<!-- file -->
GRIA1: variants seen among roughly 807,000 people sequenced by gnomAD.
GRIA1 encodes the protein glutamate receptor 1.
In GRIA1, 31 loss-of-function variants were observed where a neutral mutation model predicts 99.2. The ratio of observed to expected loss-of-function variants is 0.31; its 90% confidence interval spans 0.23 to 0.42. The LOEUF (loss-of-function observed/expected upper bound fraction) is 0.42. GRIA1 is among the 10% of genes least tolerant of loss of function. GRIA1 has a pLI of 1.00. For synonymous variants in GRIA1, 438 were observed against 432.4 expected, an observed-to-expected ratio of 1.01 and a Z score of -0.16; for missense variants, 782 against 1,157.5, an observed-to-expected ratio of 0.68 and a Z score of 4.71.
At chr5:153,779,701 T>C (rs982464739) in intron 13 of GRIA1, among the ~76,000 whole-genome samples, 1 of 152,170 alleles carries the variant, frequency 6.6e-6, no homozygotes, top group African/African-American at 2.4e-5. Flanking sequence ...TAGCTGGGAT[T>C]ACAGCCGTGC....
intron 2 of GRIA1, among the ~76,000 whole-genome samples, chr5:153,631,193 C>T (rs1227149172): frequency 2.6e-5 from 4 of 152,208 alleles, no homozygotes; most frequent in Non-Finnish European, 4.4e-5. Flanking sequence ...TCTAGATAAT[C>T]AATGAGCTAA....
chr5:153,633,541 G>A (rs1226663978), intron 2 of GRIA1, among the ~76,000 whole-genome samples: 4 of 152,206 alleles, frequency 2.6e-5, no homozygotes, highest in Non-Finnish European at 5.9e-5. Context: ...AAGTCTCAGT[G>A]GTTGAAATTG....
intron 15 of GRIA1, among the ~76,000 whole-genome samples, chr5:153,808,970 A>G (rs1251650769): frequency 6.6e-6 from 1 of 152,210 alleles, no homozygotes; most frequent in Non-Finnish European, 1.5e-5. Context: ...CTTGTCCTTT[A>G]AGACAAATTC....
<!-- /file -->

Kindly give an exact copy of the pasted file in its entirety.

GRIA1: variants seen among roughly 807,000 people sequenced by gnomAD.
GRIA1 encodes the protein glutamate receptor 1.
In GRIA1, 31 loss-of-function variants were observed where a neutral mutation model predicts 99.2. The ratio of observed to expected loss-of-function variants is 0.31; its 90% confidence interval spans 0.23 to 0.42. The LOEUF (loss-of-function observed/expected upper bound fraction) is 0.42. GRIA1 is among the 10% of genes least tolerant of loss of function. GRIA1 has a pLI of 1.00. For synonymous variants in GRIA1, 438 were observed against 432.4 expected, an observed-to-expected ratio of 1.01 and a Z score of -0.16; for missense variants, 782 against 1,157.5, an observed-to-expected ratio of 0.68 and a Z score of 4.71.
At chr5:153,779,701 T>C (rs982464739) in intron 13 of GRIA1, among the ~76,000 whole-genome samples, 1 of 152,170 alleles carries the variant, frequency 6.6e-6, no homozygotes, top group African/African-American at 2.4e-5. Flanking sequence ...TAGCTGGGAT[T>C]ACAGCCGTGC....
intron 2 of GRIA1, among the ~76,000 whole-genome samples, chr5:153,631,193 C>T (rs1227149172): frequency 2.6e-5 from 4 of 152,208 alleles, no homozygotes; most frequent in Non-Finnish European, 4.4e-5. Flanking sequence ...TCTAGATAAT[C>T]AATGAGCTAA....
chr5:153,633,541 G>A (rs1226663978), intron 2 of GRIA1, among the ~76,000 whole-genome samples: 4 of 152,206 alleles, frequency 2.6e-5, no homozygotes, highest in Non-Finnish European at 5.9e-5. Context: ...AAGTCTCAGT[G>A]GTTGAAATTG....
intron 15 of GRIA1, among the ~76,000 whole-genome samples, chr5:153,808,970 A>G (rs1251650769): frequency 6.6e-6 from 1 of 152,210 alleles, no homozygotes; most frequent in Non-Finnish European, 1.5e-5. Context: ...CTTGTCCTTT[A>G]AGACAAATTC....